David Silbey, author of A War of Frontier and Empire: The Philippine-American War 1899-1902, weighs in on the Iraq-Philippines connection:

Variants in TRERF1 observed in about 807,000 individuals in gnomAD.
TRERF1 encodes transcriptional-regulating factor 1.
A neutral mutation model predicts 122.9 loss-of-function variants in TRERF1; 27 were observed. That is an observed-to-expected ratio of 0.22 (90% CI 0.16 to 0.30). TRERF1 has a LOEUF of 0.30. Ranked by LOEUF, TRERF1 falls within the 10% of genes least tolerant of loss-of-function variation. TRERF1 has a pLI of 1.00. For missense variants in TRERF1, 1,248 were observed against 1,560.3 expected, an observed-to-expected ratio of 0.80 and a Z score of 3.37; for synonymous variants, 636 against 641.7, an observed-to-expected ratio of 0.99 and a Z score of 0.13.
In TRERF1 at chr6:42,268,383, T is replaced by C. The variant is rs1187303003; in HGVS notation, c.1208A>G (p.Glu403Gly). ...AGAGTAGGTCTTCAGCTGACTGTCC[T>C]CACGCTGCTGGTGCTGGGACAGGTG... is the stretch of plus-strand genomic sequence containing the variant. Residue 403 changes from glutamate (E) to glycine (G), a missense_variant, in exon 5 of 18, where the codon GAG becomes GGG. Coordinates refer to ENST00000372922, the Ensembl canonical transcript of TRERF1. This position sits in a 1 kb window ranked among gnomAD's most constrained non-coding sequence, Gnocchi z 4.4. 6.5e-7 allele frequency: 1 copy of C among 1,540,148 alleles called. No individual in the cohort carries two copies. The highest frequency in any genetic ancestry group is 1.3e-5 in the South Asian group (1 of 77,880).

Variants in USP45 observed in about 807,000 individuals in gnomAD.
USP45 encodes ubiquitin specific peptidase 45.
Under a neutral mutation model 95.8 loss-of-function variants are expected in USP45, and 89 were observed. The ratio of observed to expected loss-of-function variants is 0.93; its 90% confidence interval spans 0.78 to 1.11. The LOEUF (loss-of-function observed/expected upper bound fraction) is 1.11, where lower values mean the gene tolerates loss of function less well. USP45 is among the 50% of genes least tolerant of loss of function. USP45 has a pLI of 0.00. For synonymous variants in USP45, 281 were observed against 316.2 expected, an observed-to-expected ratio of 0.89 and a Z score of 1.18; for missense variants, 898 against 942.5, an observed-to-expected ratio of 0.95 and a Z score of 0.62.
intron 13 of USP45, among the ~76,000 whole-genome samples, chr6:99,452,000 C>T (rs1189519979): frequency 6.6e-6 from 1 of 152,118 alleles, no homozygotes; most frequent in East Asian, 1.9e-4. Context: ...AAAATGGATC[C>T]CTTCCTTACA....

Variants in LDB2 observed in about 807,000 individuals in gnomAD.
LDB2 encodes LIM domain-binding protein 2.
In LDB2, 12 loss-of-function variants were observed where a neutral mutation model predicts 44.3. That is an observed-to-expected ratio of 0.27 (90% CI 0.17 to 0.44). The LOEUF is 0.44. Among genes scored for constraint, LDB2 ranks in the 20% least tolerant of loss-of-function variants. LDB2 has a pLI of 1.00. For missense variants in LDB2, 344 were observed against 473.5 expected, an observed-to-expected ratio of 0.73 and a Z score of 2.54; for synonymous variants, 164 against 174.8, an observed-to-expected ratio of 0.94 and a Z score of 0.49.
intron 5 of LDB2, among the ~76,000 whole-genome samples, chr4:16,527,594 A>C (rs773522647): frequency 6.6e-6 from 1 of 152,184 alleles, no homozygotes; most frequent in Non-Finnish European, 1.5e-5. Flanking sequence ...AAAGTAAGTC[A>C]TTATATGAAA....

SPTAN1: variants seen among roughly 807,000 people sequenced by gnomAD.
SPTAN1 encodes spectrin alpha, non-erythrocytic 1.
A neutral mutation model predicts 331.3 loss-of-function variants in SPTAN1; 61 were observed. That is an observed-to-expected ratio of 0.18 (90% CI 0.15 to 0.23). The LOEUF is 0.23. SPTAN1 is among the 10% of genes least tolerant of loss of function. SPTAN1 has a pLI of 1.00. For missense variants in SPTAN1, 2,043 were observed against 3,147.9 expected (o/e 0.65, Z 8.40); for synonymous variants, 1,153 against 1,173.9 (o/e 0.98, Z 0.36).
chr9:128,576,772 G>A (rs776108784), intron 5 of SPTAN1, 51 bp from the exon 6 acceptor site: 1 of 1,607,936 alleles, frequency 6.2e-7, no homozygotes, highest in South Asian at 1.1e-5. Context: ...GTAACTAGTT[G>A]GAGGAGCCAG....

Taking the Philippines essentially put the United States and Japan on a collision course out of which it was hard to steer. This was not inevitable. At the turn of the century, Japan’s attention was towards the mainland of Asia and southeast Asia, and away from the broad Pacific that separated it from the United States. It was worried about Russia, China, and the European powers that held so much of mainland Asia. The Americans and Japanese got along rather well. During the Boxer Rebellion, when American and Japanese units served together, there was quite a friendly relationship between the two. American ships coaled at Nagasaki, where they played baseball games for Japanese crowds. There was an American naval hospital there for several decades. The relationship that was building was one similar to the United States and Great Britain, two growing naval powers separated by a large ocean that nonetheless had essentially decided NOT to be rivals.
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